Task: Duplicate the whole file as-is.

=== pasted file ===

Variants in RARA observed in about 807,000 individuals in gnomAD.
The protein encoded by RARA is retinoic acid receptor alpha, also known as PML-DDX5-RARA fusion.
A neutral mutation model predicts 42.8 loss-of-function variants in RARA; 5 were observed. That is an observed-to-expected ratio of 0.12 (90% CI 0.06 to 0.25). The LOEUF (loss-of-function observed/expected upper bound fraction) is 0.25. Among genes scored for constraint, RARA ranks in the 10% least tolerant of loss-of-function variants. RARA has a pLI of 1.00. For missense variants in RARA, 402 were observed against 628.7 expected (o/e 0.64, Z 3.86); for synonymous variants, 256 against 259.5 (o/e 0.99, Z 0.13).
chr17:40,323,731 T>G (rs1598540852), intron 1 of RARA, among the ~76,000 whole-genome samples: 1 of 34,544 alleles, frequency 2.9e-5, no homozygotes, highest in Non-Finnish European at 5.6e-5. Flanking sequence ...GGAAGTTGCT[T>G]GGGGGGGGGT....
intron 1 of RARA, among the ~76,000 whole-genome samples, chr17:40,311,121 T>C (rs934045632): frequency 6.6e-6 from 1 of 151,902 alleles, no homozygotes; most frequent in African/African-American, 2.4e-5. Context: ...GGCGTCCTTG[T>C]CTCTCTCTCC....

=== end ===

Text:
Variants in RARA observed in about 807,000 individuals in gnomAD.
The protein encoded by RARA is retinoic acid receptor alpha, also known as PML-DDX5-RARA fusion.
A neutral mutation model predicts 42.8 loss-of-function variants in RARA; 5 were observed. That is an observed-to-expected ratio of 0.12 (90% CI 0.06 to 0.25). The LOEUF (loss-of-function observed/expected upper bound fraction) is 0.25. Among genes scored for constraint, RARA ranks in the 10% least tolerant of loss-of-function variants. RARA has a pLI of 1.00. For missense variants in RARA, 402 were observed against 628.7 expected (o/e 0.64, Z 3.86); for synonymous variants, 256 against 259.5 (o/e 0.99, Z 0.13).
chr17:40,323,731 T>G (rs1598540852), intron 1 of RARA, among the ~76,000 whole-genome samples: 1 of 34,544 alleles, frequency 2.9e-5, no homozygotes, highest in Non-Finnish European at 5.6e-5. Flanking sequence ...GGAAGTTGCT[T>G]GGGGGGGGGT....
intron 1 of RARA, among the ~76,000 whole-genome samples, chr17:40,311,121 T>C (rs934045632): frequency 6.6e-6 from 1 of 151,902 alleles, no homozygotes; most frequent in African/African-American, 2.4e-5. Context: ...GGCGTCCTTG[T>C]CTCTCTCTCC....